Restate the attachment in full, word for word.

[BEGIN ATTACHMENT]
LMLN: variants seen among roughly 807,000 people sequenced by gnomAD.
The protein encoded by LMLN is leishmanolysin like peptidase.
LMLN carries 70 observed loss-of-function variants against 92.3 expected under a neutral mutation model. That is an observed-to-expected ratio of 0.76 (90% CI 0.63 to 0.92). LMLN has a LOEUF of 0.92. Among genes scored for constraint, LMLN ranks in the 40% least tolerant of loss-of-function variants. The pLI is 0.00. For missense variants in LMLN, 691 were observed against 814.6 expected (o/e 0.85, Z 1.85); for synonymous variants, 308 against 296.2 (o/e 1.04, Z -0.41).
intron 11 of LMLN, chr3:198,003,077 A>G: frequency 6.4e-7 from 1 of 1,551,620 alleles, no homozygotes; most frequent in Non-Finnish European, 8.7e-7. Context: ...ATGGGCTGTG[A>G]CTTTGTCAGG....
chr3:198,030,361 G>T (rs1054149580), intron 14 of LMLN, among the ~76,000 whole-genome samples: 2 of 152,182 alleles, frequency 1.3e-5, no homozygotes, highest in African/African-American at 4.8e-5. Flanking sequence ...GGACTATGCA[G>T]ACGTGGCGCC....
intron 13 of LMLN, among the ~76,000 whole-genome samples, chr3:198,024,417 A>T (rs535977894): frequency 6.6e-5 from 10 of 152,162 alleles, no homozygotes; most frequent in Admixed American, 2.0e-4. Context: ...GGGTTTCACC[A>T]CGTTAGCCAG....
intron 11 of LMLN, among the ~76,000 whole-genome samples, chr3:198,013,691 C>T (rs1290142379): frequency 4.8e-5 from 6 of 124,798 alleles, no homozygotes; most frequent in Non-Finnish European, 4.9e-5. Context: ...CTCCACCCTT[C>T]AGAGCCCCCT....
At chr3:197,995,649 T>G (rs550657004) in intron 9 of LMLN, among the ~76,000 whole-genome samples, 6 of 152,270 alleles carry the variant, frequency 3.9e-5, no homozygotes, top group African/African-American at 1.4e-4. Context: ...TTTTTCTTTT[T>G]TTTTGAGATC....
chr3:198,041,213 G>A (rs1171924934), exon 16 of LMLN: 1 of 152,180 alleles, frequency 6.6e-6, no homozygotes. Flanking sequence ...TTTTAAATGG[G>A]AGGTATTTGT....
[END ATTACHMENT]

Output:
LMLN: variants seen among roughly 807,000 people sequenced by gnomAD.
The protein encoded by LMLN is leishmanolysin like peptidase.
LMLN carries 70 observed loss-of-function variants against 92.3 expected under a neutral mutation model. That is an observed-to-expected ratio of 0.76 (90% CI 0.63 to 0.92). LMLN has a LOEUF of 0.92. Among genes scored for constraint, LMLN ranks in the 40% least tolerant of loss-of-function variants. The pLI is 0.00. For missense variants in LMLN, 691 were observed against 814.6 expected (o/e 0.85, Z 1.85); for synonymous variants, 308 against 296.2 (o/e 1.04, Z -0.41).
intron 11 of LMLN, chr3:198,003,077 A>G: frequency 6.4e-7 from 1 of 1,551,620 alleles, no homozygotes; most frequent in Non-Finnish European, 8.7e-7. Context: ...ATGGGCTGTG[A>G]CTTTGTCAGG....
chr3:198,030,361 G>T (rs1054149580), intron 14 of LMLN, among the ~76,000 whole-genome samples: 2 of 152,182 alleles, frequency 1.3e-5, no homozygotes, highest in African/African-American at 4.8e-5. Flanking sequence ...GGACTATGCA[G>T]ACGTGGCGCC....
intron 13 of LMLN, among the ~76,000 whole-genome samples, chr3:198,024,417 A>T (rs535977894): frequency 6.6e-5 from 10 of 152,162 alleles, no homozygotes; most frequent in Admixed American, 2.0e-4. Context: ...GGGTTTCACC[A>T]CGTTAGCCAG....
intron 11 of LMLN, among the ~76,000 whole-genome samples, chr3:198,013,691 C>T (rs1290142379): frequency 4.8e-5 from 6 of 124,798 alleles, no homozygotes; most frequent in Non-Finnish European, 4.9e-5. Context: ...CTCCACCCTT[C>T]AGAGCCCCCT....
At chr3:197,995,649 T>G (rs550657004) in intron 9 of LMLN, among the ~76,000 whole-genome samples, 6 of 152,270 alleles carry the variant, frequency 3.9e-5, no homozygotes, top group African/African-American at 1.4e-4. Context: ...TTTTTCTTTT[T>G]TTTTGAGATC....
chr3:198,041,213 G>A (rs1171924934), exon 16 of LMLN: 1 of 152,180 alleles, frequency 6.6e-6, no homozygotes. Flanking sequence ...TTTTAAATGG[G>A]AGGTATTTGT....